This Memorial Day, let us recall the sacrifice of Private First Class Jose F. Valdez. Let us recall it not because he is one of only six Utahn Congressional Medal of Honor recipients, nor because he remains Utah’s only Latino recipient. Let us recall it because, as Americans, we must.
On Jan. 25, 1945, Valdez was part of a patrol of six GIs on outpost duty in the vicinity of Rosenkrantz, France. The GIs were members of Company B, 7th Infantry, 3rd Infantry Division. They were about 500 yards beyond American lines.
Valdez had enlisted at a recruiting station in Pleasant Grove, Utah, in 1944, at the age of 19. Like the other men in the group, he had seen the world change greatly in his short life.
Two decades of fascist rhetoric, fearmongering, xenophobia and the conflating of nationalism with patriotism had led to a conflagration in Europe and Asia that had extended to America and engulfed the world.
On this cold, snowy day, which was to be one of his last upon the Earth, Valdez was three weeks past his 20th birthday.
By all accounts he was a capable, reliable soldier — one who was always there for his comrades. At a 2002 commemoration for Valdez, Abundio Castro, who served with Company B, described him as “a soldier you would want to be in your outfit.”
“He was the type of fellow to stay awake all night, guarding,” Castro said. “That keeps up the morale of the rest of the troops in the front line [because] your life is at stake.”
Valdez and the other GIs advanced toward a line of woods. As one of the soldiers recounted the story later, a rabbit broke from the woods, then a deer. Then there emerged a German tank, about 75 yards away.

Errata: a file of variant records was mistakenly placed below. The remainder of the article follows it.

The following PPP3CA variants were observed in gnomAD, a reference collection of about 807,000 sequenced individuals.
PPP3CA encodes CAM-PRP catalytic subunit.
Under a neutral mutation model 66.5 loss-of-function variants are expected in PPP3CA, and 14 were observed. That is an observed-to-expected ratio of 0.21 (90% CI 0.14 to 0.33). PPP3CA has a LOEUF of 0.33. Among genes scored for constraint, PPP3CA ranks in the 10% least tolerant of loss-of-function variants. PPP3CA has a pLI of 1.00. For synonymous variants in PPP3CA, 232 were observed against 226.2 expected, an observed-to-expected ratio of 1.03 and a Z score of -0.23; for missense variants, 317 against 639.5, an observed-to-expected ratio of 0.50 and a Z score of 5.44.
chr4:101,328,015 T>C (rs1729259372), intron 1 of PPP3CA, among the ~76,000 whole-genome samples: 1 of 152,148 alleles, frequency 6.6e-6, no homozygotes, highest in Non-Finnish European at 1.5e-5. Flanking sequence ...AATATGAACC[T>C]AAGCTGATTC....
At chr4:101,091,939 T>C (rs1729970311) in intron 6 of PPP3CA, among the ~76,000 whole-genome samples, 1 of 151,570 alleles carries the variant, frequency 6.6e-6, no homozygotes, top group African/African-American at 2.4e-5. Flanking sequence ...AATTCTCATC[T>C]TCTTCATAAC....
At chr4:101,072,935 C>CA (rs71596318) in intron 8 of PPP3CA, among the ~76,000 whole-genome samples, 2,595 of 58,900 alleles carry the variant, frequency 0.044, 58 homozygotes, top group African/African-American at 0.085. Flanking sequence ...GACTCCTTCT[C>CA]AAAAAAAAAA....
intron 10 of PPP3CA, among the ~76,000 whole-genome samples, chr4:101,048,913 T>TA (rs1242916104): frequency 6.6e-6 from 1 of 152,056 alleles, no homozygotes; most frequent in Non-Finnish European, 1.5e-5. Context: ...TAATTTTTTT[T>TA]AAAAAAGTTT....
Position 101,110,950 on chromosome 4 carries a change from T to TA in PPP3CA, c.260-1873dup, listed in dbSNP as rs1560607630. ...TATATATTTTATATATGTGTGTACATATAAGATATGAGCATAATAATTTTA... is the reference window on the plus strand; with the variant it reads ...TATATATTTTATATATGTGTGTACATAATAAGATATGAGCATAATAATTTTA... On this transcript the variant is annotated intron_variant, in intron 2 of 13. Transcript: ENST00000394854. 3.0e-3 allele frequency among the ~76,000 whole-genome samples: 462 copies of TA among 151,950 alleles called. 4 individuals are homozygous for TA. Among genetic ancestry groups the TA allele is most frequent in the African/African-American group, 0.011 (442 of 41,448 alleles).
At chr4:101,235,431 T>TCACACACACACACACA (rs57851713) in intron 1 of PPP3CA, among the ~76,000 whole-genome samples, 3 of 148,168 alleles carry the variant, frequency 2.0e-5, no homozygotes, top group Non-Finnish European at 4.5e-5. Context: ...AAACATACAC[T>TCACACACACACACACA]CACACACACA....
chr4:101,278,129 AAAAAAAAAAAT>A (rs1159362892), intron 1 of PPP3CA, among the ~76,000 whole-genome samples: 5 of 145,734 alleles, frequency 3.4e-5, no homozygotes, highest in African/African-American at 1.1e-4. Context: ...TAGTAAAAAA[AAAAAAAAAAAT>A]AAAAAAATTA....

Of the six GIs, it was the quiet, alert Valdez who engaged it, raking the tank with automatic fire until it withdrew.
When three Nazi scouts approached stealthily through the woods, it was again Valdez who detected and engaged them. From a distance of about 30 yards the men exchanged murderous bursts of gunfire. Valdez killed all three.
But now two infantry companies of Nazi soldiers were zeroing in on the six GIs, focusing an intense barrage of automatic and rifle fire at the patrol.
Crucially, the enemy seemed to be pursuing an encircling movement. Valdez’s platoon leader ordered a withdrawal.
It was Valdez who volunteered to provide covering fire for the retreat. He fired burst after burst as the patrol members dashed to safety. Although three were wounded in their escape, all managed to return to American lines.
However, while providing this cover, Valdez was hit. A bullet ripped through his abdomen and exited his back, paralyzing him from the waist down.
Somehow Valdez summoned the strength to maintain focus, calling by field telephone for mortar and artillery fire. Weakened by blood loss and fighting to remain conscious, he revised coordinates until American artillery shells were delivered to within 50 yards of him, halting the Nazi advance.
Valdez’s Medal of Honor citation states that he held off 200 of the enemy for 15 minutes, breaking up the Nazi counterattack, before dragging himself back to American lines.
He died of his wounds three weeks later, only a few months before the end of the war in Europe.
At the 70th-anniversary observance of the death of Valdez, Utah Attorney General Sean Reyes said, “My hope … is that through the example of people like PFC Valdez … we will continue to be the great light of this world that we have always been.”
In a time of violent rallies, of literal and metaphorical walls, of torches and racist chants and the freshly spun notion that we are not a nation of immigrants, let us recall that Jose F. Valdez laid down his young and unlived life not just for his friends, but for the great light of this world that Reyes spoke of.
This Memorial Day, recall the sacrifice of Private First Class Jose F. Valdez and all who died for democracy. Recall not just what they fought for, but what they fought against.
Because even the greatest of lights can flicker out.
David M. Thomas is a former military history researcher for the Kentucky Department of Military Affairs and a career editor and writer who lives in Monterey, Calif.